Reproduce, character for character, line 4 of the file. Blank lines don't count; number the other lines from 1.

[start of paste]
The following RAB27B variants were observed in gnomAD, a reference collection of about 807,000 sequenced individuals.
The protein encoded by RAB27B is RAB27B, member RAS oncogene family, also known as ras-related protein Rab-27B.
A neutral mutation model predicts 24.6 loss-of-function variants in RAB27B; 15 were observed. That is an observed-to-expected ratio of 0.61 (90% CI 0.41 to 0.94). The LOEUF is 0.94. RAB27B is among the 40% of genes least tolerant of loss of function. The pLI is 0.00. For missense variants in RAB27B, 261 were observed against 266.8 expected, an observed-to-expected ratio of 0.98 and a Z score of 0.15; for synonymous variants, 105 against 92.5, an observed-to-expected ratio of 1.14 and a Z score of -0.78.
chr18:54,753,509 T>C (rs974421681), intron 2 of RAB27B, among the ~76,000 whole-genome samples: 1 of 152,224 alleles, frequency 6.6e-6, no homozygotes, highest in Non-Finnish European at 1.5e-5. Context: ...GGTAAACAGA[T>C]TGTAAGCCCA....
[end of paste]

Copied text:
chr18:54,753,509 T>C (rs974421681), intron 2 of RAB27B, among the ~76,000 whole-genome samples: 1 of 152,224 alleles, frequency 6.6e-6, no homozygotes, highest in Non-Finnish European at 1.5e-5. Context: ...GGTAAACAGA[T>C]TGTAAGCCCA....